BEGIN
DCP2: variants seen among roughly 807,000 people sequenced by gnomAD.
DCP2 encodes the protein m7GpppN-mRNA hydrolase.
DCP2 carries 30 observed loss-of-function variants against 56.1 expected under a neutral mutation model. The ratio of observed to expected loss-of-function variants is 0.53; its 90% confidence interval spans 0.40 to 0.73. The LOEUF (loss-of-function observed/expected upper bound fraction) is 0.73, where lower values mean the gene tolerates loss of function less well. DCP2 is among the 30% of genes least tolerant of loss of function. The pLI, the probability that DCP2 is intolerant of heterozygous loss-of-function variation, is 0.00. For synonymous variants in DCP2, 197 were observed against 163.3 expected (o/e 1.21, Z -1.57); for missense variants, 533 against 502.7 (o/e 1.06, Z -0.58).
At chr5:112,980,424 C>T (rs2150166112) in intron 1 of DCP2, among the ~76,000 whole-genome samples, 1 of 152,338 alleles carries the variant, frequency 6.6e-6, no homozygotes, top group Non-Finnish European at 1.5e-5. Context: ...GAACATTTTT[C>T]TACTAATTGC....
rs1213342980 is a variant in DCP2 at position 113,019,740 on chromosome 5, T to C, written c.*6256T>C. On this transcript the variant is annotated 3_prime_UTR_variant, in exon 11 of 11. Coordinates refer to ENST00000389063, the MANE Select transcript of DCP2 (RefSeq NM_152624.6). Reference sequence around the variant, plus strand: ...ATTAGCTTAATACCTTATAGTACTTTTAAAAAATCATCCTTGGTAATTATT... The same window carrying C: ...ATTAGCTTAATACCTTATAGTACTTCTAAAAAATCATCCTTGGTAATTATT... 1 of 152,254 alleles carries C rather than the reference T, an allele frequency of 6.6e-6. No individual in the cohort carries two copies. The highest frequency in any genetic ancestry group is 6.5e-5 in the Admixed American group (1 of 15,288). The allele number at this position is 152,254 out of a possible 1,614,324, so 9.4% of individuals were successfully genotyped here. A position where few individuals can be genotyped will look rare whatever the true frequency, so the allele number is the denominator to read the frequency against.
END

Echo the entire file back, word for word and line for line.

DCP2: variants seen among roughly 807,000 people sequenced by gnomAD.
DCP2 encodes the protein m7GpppN-mRNA hydrolase.
DCP2 carries 30 observed loss-of-function variants against 56.1 expected under a neutral mutation model. The ratio of observed to expected loss-of-function variants is 0.53; its 90% confidence interval spans 0.40 to 0.73. The LOEUF (loss-of-function observed/expected upper bound fraction) is 0.73, where lower values mean the gene tolerates loss of function less well. DCP2 is among the 30% of genes least tolerant of loss of function. The pLI, the probability that DCP2 is intolerant of heterozygous loss-of-function variation, is 0.00. For synonymous variants in DCP2, 197 were observed against 163.3 expected (o/e 1.21, Z -1.57); for missense variants, 533 against 502.7 (o/e 1.06, Z -0.58).
At chr5:112,980,424 C>T (rs2150166112) in intron 1 of DCP2, among the ~76,000 whole-genome samples, 1 of 152,338 alleles carries the variant, frequency 6.6e-6, no homozygotes, top group Non-Finnish European at 1.5e-5. Context: ...GAACATTTTT[C>T]TACTAATTGC....
rs1213342980 is a variant in DCP2 at position 113,019,740 on chromosome 5, T to C, written c.*6256T>C. On this transcript the variant is annotated 3_prime_UTR_variant, in exon 11 of 11. Coordinates refer to ENST00000389063, the MANE Select transcript of DCP2 (RefSeq NM_152624.6). Reference sequence around the variant, plus strand: ...ATTAGCTTAATACCTTATAGTACTTTTAAAAAATCATCCTTGGTAATTATT... The same window carrying C: ...ATTAGCTTAATACCTTATAGTACTTCTAAAAAATCATCCTTGGTAATTATT... 1 of 152,254 alleles carries C rather than the reference T, an allele frequency of 6.6e-6. No individual in the cohort carries two copies. The highest frequency in any genetic ancestry group is 6.5e-5 in the Admixed American group (1 of 15,288). The allele number at this position is 152,254 out of a possible 1,614,324, so 9.4% of individuals were successfully genotyped here. A position where few individuals can be genotyped will look rare whatever the true frequency, so the allele number is the denominator to read the frequency against.